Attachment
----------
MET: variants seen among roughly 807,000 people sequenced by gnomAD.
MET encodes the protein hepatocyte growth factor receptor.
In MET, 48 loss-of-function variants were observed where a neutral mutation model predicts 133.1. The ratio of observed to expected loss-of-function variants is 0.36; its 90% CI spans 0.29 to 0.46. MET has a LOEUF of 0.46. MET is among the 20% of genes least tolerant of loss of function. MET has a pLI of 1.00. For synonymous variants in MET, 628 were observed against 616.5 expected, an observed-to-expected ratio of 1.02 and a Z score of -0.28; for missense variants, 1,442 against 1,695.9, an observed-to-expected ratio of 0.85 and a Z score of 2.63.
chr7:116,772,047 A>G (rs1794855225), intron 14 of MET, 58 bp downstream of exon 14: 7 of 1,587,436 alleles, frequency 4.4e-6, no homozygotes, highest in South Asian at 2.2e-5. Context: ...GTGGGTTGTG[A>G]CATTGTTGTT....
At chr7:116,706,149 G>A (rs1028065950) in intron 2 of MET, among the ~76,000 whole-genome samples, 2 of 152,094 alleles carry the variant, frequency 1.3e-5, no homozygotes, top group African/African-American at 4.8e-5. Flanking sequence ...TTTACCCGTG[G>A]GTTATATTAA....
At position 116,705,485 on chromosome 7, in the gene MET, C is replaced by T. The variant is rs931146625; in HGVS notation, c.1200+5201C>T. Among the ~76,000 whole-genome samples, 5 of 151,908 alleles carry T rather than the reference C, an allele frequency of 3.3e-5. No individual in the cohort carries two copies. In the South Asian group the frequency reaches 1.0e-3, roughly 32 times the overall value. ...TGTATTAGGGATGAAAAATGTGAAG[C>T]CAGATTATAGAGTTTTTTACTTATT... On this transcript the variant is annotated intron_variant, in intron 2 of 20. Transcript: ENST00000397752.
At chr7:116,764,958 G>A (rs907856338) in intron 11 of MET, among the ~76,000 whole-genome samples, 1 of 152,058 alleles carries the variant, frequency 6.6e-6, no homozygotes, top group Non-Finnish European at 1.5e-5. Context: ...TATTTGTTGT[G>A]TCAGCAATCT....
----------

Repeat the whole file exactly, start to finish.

MET: variants seen among roughly 807,000 people sequenced by gnomAD.
MET encodes the protein hepatocyte growth factor receptor.
In MET, 48 loss-of-function variants were observed where a neutral mutation model predicts 133.1. The ratio of observed to expected loss-of-function variants is 0.36; its 90% CI spans 0.29 to 0.46. MET has a LOEUF of 0.46. MET is among the 20% of genes least tolerant of loss of function. MET has a pLI of 1.00. For synonymous variants in MET, 628 were observed against 616.5 expected, an observed-to-expected ratio of 1.02 and a Z score of -0.28; for missense variants, 1,442 against 1,695.9, an observed-to-expected ratio of 0.85 and a Z score of 2.63.
chr7:116,772,047 A>G (rs1794855225), intron 14 of MET, 58 bp downstream of exon 14: 7 of 1,587,436 alleles, frequency 4.4e-6, no homozygotes, highest in South Asian at 2.2e-5. Context: ...GTGGGTTGTG[A>G]CATTGTTGTT....
At chr7:116,706,149 G>A (rs1028065950) in intron 2 of MET, among the ~76,000 whole-genome samples, 2 of 152,094 alleles carry the variant, frequency 1.3e-5, no homozygotes, top group African/African-American at 4.8e-5. Flanking sequence ...TTTACCCGTG[G>A]GTTATATTAA....
At position 116,705,485 on chromosome 7, in the gene MET, C is replaced by T. The variant is rs931146625; in HGVS notation, c.1200+5201C>T. Among the ~76,000 whole-genome samples, 5 of 151,908 alleles carry T rather than the reference C, an allele frequency of 3.3e-5. No individual in the cohort carries two copies. In the South Asian group the frequency reaches 1.0e-3, roughly 32 times the overall value. ...TGTATTAGGGATGAAAAATGTGAAG[C>T]CAGATTATAGAGTTTTTTACTTATT... On this transcript the variant is annotated intron_variant, in intron 2 of 20. Transcript: ENST00000397752.
At chr7:116,764,958 G>A (rs907856338) in intron 11 of MET, among the ~76,000 whole-genome samples, 1 of 152,058 alleles carries the variant, frequency 6.6e-6, no homozygotes, top group Non-Finnish European at 1.5e-5. Context: ...TATTTGTTGT[G>A]TCAGCAATCT....